Many many many bloggers shared with me that he would never choose to get better if he had a warm bed and food…hell he had a Mac Book and a big screen TV too. I didn’t really get it but now I do and when you are ready, you will draw that line and then we will all pray that he chooses life and not addiction and despair. The absolute scariest thing about drawing that line and meaning it is realizing he could choose addiction and you will have to be ok with that.

      I hope this helps?

      • Lisa says:

        Thank you for the advice. It’s hard to get my husband on board with the moving out part but I’m trying to make him see I believe he will take a shot at rehab and sobriety over homelessness. Did your son talk about hating his life and he will kill himself and blahblahblah? That’s something we deal with and it puts that right amount of fear in us daily thats keeping him in control of the situation. Maybe I just answered my own question on that situation huh?

      • Lisa says:

        By the way its a flat screen tv, a lime green Dell laptop, an iPhone, and a Bose sound dock. ;). And he has lost the girlfriend and cannot seem to accept it. Along with old friends and his brother, uncle, etc. I know he isn’t enjoying chasing this high anymore and he is ripe for the ultimatum!

      • madyson007 says:

        Yes he did threaten suicide, his friends dropped off in a hospital parking lot. They were afraid for him. He ended up in the psych ward. That’s when we drew the line. He could get help or go live in a homeless shelter. Those were his ONLY 2 choices, he could not come home. If you feel your son is suicidal you can get help. They will admit him involuntarily just on your word that you feel he is a threat to himself…which I didn’t realize. When the hospital called to let me know he had been admitted they asked me what my hopes were for him. I told them that I hoped he would choose rehab and they would help but I also told them how sorry I was but he could not come home. They passed that information on to J. It must have been a sobering experience …hearing from a doctor and nurses in a hospital that you are locked up in, that you can not go home. Must have scared the bejeezus out of him. The key here is we meant it and he new it.

        I think you are right about your son not enjoying chasing that high, I think it starts off as an escape and then it becomes it’s very own jail in a way…

  5. Syd says:

    Glad that he is working. Keep your expectations low and hopes high.

  6. Cheri says:

    I have to agree with “onemomtalking” that we can never really know if we are setting ourselves up for a fall. But there is hope in the fact that actions speak louder than words, and J’s actions are talking. Just as your own actions in drawing the line in the sand on January 25th, 2011, spoke loudly enough to make an impact on J that helped him make a healthier choice for his future. Will he fall? Only God knows, but hang on to hope and to God in the midst of all of it, for He loves us all more than we love ourselves, more than we can fathom.

    We drew that line in the sand with our oldest son, now 30, and we are still on a roller coaster of sorts with him. But we drew that same line with our second son, and he will be sober five years in June. In hindsight, if I had it to do over again, I wouldn’t change anything, except that maybe I’d draw the line sooner.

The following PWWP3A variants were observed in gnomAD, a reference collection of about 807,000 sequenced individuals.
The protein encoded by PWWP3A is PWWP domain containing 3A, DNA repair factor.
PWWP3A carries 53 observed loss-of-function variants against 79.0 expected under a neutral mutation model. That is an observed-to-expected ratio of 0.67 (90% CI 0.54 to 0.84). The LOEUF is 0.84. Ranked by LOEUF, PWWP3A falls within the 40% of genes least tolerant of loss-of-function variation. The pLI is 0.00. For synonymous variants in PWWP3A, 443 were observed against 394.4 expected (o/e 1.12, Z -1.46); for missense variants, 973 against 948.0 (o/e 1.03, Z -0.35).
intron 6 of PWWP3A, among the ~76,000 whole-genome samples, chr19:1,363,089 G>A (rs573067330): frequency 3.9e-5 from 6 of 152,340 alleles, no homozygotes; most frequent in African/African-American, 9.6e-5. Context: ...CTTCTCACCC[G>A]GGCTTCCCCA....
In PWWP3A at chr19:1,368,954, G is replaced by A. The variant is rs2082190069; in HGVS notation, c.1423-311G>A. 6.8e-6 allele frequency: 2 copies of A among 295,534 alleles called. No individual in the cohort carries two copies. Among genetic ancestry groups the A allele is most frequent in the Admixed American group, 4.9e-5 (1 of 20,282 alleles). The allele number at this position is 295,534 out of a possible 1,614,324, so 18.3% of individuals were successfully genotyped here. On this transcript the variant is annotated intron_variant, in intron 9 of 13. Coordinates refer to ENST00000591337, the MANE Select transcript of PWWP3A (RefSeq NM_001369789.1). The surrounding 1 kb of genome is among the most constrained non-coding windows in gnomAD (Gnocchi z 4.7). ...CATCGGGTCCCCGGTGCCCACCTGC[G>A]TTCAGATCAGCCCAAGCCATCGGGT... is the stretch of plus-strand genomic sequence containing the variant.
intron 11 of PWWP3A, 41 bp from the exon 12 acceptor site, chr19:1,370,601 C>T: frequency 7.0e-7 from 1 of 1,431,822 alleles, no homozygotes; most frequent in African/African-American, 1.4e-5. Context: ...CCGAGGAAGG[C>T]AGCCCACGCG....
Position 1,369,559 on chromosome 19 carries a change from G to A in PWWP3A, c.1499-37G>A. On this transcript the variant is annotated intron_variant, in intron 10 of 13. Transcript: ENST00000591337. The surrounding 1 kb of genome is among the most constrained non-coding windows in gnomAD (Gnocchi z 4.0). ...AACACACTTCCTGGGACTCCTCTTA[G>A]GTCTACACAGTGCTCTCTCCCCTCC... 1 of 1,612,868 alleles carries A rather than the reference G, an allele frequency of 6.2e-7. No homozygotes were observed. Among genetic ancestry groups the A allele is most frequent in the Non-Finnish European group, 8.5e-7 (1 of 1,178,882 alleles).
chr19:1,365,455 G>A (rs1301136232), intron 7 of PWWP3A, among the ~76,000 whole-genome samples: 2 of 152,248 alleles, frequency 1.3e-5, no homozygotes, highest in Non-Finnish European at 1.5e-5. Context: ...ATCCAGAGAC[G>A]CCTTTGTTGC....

Happy to hear J’s doing well.

    Love and hugs,

  7. Kay says:

    My son threatened suicide. We finally got to the point where we accepted that he might do it. We made him leave. The night he planned to commit suicide, by overdose, the police picked him up five minutes before he was going to do it. Yes, he has a Higher Power. He’s now 6 months clean (not counting the 5 months he spent in jail). It’s very hard, but we have to be willing to let them live their lives … or not. Or else we sacrifice our own lives as well.

  8. Lisa says:

    Thanks all! Btw the first time I had to beg them to keep him and the intervention we did on his way out was useless. He lasted in outpatient program about a week. They took him again the other night and I called and begged the charge nurse to have him admitted, we are afraid etc and to have staff doctor call me. He was out and in his bed within hours. I guess acceptance it may happen is all we can do. I mean isn’t he slowly committing suicide daily any way? But is the feat that keeps us manipulated. You all are singing the same song. Success with kicking them out. I really truly feel doing that will change things. The few times we had him leave due to fighting with his brother and disrespect I totally calmed right down not having him in the house and the fact that I figure at least he is with others in a bug drug den Ron somewhere and will hopefully be with someone that would knownif he was overdosing etc. When he is in his basement bedroom I wouldn’t know if that happened. My husband goes to a different place and worries and sort of wants him back home safe and sound. We need to get on the same page with t

  9. Barbara says:

    I just put on my lucky socks in solidarity of hoping for the best for J. If something does happen, yes, you will be crushed, but you will both get through it. I hope he’s feeling good about working and being productive and making money and not whining…I hope this is it for him. Like everyone said, you never know for sure, but that should not keep us from enjoying each and every good day.